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Editorials: Point and Counterpoint |

Rebuttal From Dr Tillotson FREE TO VIEW

Glenn S. Tillotson, PhD, FCCP
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FINANCIAL/NONFINANCIAL DISCLOSURE: None declared.

CORRESPONDENCE TO: Glenn S. Tillotson, PhD, FCCP, GST Micro LLC, 227 Kayleen Ct, Durham NC 27713


Copyright 2016, American College of Chest Physicians. All Rights Reserved.


Chest. 2016;149(5):1133-1135. doi:10.1016/j.chest.2016.01.027
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Dr Courtright raises some excellent and valid points regarding the debate, and clearly this is an important aspect of improving medical practice. In essence, there are two “camps” of clinical research, those of academia and industry, each with their own perspective and aims. The topic of underrepresented or minority populations in studies has been examined with respect to oncology, multiple sclerosis (MS), stroke, and other conditions. However, before we believe that we have totally failed these populations, it is important to consider the actual incidence of various minorities in the United States in 2014. Almost 80% of US citizens were white; 12.8%, “black”; 4.4%, Asian; and < 1% were American Indian/Alaskan. It is important to remember these data when discussing this sensitive topic. Three specific conditions have been reviewed with respect to minority balance: MS, stroke, and cancer.

The heterogeneity of MS across various ethnic minorities has been examined previously in which a PubMed review was conducted of almost 60,000 publications. Of these, 52,000 were in English but only 113 focused on African-American (black) populations and 23 focused on Hispanic populations. These represent < 1% of the literature on MS, but they do suggest that there is interest in these ethnic groups. For patients with MS, there are socioeconomic barriers and cultural influences that may adversely affect the ideal therapeutic approach. It is accepted that minority patients have difficulty accessing and using specialty care due to insurance issues, low income, lower educational levels, and language and literacy (both written and computer) issues. If a patient does not routinely see an appropriate physician, then the chances of even being considered for clinical trials or research programs are slim. A large study of 21,557 patients with MS found that African-American patients were more likely to have severe disability but also to be in the lower income and educational levels than white subjects. In addition to these socioeconomic barriers are equally important cultural influences (eg, religious beliefs, societal distrust). Indeed, the mere participation in clinical trials is regarded with major concern. Due to deeply held religious beliefs, there may be conflicts with using therapies such as antibiotics, vaccines, or blood transfusions. A mistrust of the medical community, and especially of researchers and sponsoring agencies, was highlighted, with many issues related to experiments and being “used as guinea pigs.”(p126)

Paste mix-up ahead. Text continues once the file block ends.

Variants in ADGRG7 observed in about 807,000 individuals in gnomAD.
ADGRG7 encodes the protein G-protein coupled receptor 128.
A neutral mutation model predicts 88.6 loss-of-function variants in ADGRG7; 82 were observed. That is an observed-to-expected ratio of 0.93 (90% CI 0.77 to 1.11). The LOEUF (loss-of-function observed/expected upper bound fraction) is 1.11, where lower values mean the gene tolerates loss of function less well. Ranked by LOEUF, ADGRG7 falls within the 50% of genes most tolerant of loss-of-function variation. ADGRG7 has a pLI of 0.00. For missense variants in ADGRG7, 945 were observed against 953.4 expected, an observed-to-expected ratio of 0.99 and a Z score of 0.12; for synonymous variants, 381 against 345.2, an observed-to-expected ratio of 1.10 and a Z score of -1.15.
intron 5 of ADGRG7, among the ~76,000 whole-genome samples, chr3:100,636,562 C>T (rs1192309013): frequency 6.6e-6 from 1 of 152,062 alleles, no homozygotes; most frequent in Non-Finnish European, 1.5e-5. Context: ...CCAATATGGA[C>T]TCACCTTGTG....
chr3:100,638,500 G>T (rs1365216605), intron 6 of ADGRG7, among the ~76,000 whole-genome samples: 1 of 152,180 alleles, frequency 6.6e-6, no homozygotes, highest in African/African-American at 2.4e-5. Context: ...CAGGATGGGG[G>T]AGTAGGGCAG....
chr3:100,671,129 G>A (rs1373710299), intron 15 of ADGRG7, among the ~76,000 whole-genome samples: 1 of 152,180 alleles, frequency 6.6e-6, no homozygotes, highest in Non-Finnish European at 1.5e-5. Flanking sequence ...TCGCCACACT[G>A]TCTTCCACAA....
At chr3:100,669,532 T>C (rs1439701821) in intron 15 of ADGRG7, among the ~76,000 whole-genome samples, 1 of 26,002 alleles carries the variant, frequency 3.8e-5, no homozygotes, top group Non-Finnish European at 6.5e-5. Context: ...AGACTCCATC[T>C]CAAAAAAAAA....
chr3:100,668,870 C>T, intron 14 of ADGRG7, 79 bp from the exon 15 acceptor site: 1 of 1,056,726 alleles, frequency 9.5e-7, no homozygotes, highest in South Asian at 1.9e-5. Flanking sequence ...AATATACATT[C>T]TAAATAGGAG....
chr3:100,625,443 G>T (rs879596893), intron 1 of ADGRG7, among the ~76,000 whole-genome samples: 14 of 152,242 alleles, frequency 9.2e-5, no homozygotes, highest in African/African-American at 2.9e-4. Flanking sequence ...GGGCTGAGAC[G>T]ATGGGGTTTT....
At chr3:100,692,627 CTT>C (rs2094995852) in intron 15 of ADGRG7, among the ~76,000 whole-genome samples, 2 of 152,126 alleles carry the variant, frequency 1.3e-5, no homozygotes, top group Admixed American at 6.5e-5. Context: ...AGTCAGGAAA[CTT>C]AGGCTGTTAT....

From the stroke perspective, Boden-Albala et al conducted a survey of 93 researchers to identify the barriers to improved minority enrollment. Focus groups again highlighted mistrust of the research/medical enterprise, poor communication, and lack of understanding of clinical trials as recruitment barriers.

National Cancer Institute-sponsored clinical trials have consistently failed to achieve minority target recruitment. Six years ago, the Institute of Medicine made consensus recommendations intended to improve clinical trial recruitment and overall cancer trial design. As part of this process, a workshop was convened to tackle these issues; again, the problems of myths, religious beliefs, mistrust, and comprehension of what clinical trials were intended to do resonated as reasons why minorities tended to comprise approximately 20% of all cancer subjects enrolled into National Cancer Institute-funded trials in 2003 to 2013. Compared with the current US demographic characteristics, this finding does not seem too skewed.